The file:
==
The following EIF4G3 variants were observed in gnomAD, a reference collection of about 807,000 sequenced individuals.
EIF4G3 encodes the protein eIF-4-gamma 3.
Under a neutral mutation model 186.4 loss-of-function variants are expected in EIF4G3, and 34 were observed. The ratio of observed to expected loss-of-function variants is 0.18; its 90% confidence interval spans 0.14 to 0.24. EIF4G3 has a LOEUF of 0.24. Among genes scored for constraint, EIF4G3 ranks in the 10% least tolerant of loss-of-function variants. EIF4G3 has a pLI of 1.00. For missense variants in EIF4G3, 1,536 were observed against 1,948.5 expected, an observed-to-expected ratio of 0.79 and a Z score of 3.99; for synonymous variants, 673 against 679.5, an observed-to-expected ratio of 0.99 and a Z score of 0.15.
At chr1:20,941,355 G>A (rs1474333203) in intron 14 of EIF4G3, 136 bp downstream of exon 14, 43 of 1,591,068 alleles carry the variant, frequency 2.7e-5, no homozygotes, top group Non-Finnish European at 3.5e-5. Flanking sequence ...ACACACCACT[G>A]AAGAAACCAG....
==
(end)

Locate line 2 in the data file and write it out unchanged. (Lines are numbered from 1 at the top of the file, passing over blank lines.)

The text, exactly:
EIF4G3 encodes the protein eIF-4-gamma 3.